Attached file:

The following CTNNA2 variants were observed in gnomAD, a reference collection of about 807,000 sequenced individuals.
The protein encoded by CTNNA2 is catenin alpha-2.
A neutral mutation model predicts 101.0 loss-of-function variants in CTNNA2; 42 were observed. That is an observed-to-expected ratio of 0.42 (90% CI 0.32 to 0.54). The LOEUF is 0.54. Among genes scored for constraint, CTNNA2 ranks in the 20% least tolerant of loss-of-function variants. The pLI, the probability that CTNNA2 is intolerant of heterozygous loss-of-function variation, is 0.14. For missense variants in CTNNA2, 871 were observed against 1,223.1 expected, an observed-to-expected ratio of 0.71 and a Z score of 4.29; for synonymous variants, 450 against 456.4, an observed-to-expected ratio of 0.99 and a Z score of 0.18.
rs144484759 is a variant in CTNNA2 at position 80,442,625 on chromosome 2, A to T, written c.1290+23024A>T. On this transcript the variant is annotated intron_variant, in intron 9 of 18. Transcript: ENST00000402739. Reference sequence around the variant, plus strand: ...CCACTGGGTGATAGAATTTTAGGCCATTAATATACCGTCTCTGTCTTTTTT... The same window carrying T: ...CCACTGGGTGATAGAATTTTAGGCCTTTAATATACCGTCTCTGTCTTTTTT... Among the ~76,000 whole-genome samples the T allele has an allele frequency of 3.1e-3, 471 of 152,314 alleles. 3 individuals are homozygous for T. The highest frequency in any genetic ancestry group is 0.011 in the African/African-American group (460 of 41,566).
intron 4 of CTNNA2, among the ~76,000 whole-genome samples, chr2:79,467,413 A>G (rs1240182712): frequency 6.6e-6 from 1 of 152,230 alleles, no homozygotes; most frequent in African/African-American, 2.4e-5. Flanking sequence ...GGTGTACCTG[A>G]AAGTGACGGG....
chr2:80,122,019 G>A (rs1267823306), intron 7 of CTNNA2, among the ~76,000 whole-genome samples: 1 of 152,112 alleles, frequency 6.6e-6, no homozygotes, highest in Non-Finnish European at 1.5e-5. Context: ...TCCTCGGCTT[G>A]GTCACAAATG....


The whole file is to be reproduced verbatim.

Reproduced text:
The following CTNNA2 variants were observed in gnomAD, a reference collection of about 807,000 sequenced individuals.
The protein encoded by CTNNA2 is catenin alpha-2.
A neutral mutation model predicts 101.0 loss-of-function variants in CTNNA2; 42 were observed. That is an observed-to-expected ratio of 0.42 (90% CI 0.32 to 0.54). The LOEUF is 0.54. Among genes scored for constraint, CTNNA2 ranks in the 20% least tolerant of loss-of-function variants. The pLI, the probability that CTNNA2 is intolerant of heterozygous loss-of-function variation, is 0.14. For missense variants in CTNNA2, 871 were observed against 1,223.1 expected, an observed-to-expected ratio of 0.71 and a Z score of 4.29; for synonymous variants, 450 against 456.4, an observed-to-expected ratio of 0.99 and a Z score of 0.18.
rs144484759 is a variant in CTNNA2 at position 80,442,625 on chromosome 2, A to T, written c.1290+23024A>T. On this transcript the variant is annotated intron_variant, in intron 9 of 18. Transcript: ENST00000402739. Reference sequence around the variant, plus strand: ...CCACTGGGTGATAGAATTTTAGGCCATTAATATACCGTCTCTGTCTTTTTT... The same window carrying T: ...CCACTGGGTGATAGAATTTTAGGCCTTTAATATACCGTCTCTGTCTTTTTT... Among the ~76,000 whole-genome samples the T allele has an allele frequency of 3.1e-3, 471 of 152,314 alleles. 3 individuals are homozygous for T. The highest frequency in any genetic ancestry group is 0.011 in the African/African-American group (460 of 41,566).
intron 4 of CTNNA2, among the ~76,000 whole-genome samples, chr2:79,467,413 A>G (rs1240182712): frequency 6.6e-6 from 1 of 152,230 alleles, no homozygotes; most frequent in African/African-American, 2.4e-5. Flanking sequence ...GGTGTACCTG[A>G]AAGTGACGGG....
chr2:80,122,019 G>A (rs1267823306), intron 7 of CTNNA2, among the ~76,000 whole-genome samples: 1 of 152,112 alleles, frequency 6.6e-6, no homozygotes, highest in Non-Finnish European at 1.5e-5. Context: ...TCCTCGGCTT[G>A]GTCACAAATG....